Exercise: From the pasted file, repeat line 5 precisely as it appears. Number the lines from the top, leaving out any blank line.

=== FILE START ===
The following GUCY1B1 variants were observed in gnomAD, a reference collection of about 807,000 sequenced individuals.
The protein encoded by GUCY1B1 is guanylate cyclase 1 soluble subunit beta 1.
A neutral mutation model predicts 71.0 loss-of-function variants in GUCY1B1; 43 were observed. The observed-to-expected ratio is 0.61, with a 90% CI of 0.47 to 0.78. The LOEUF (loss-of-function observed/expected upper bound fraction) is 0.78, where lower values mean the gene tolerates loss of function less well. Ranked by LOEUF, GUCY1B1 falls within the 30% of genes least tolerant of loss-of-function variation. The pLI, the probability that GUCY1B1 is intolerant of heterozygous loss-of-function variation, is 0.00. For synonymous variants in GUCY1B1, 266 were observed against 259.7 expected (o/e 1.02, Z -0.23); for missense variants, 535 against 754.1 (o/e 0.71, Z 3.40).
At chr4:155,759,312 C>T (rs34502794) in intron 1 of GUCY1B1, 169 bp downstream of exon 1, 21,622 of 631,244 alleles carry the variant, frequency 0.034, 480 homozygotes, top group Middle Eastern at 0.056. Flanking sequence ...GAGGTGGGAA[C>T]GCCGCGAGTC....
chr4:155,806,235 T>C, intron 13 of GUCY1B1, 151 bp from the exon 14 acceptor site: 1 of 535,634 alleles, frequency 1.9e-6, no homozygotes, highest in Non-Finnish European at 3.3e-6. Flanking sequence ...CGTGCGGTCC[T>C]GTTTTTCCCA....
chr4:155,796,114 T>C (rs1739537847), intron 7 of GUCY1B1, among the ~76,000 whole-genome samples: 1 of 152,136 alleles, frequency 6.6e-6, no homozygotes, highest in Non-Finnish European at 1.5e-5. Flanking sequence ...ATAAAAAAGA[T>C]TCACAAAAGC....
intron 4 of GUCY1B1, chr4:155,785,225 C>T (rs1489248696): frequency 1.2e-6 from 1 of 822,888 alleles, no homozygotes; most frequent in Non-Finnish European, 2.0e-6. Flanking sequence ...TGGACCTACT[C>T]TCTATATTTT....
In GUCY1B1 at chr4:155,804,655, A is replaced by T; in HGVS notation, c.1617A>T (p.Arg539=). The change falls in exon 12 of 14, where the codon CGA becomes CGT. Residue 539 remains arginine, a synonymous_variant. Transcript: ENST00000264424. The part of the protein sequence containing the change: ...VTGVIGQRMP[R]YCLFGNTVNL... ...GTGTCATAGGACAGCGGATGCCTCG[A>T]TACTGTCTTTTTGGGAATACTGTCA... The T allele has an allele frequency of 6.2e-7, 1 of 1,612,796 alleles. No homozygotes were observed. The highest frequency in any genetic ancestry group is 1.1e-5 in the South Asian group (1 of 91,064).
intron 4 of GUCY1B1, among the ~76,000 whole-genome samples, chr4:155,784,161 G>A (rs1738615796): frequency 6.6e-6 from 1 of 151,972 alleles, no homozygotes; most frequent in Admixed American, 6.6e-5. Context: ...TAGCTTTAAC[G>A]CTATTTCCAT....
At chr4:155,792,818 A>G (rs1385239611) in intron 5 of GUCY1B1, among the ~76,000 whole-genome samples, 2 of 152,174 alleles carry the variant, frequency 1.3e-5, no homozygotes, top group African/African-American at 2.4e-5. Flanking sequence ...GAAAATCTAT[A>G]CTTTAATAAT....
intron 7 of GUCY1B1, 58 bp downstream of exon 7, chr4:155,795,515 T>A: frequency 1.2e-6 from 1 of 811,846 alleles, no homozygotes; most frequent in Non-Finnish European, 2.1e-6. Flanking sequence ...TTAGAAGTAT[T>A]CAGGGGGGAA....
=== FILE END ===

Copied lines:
chr4:155,806,235 T>C, intron 13 of GUCY1B1, 151 bp from the exon 14 acceptor site: 1 of 535,634 alleles, frequency 1.9e-6, no homozygotes, highest in Non-Finnish European at 3.3e-6. Flanking sequence ...CGTGCGGTCC[T>C]GTTTTTCCCA....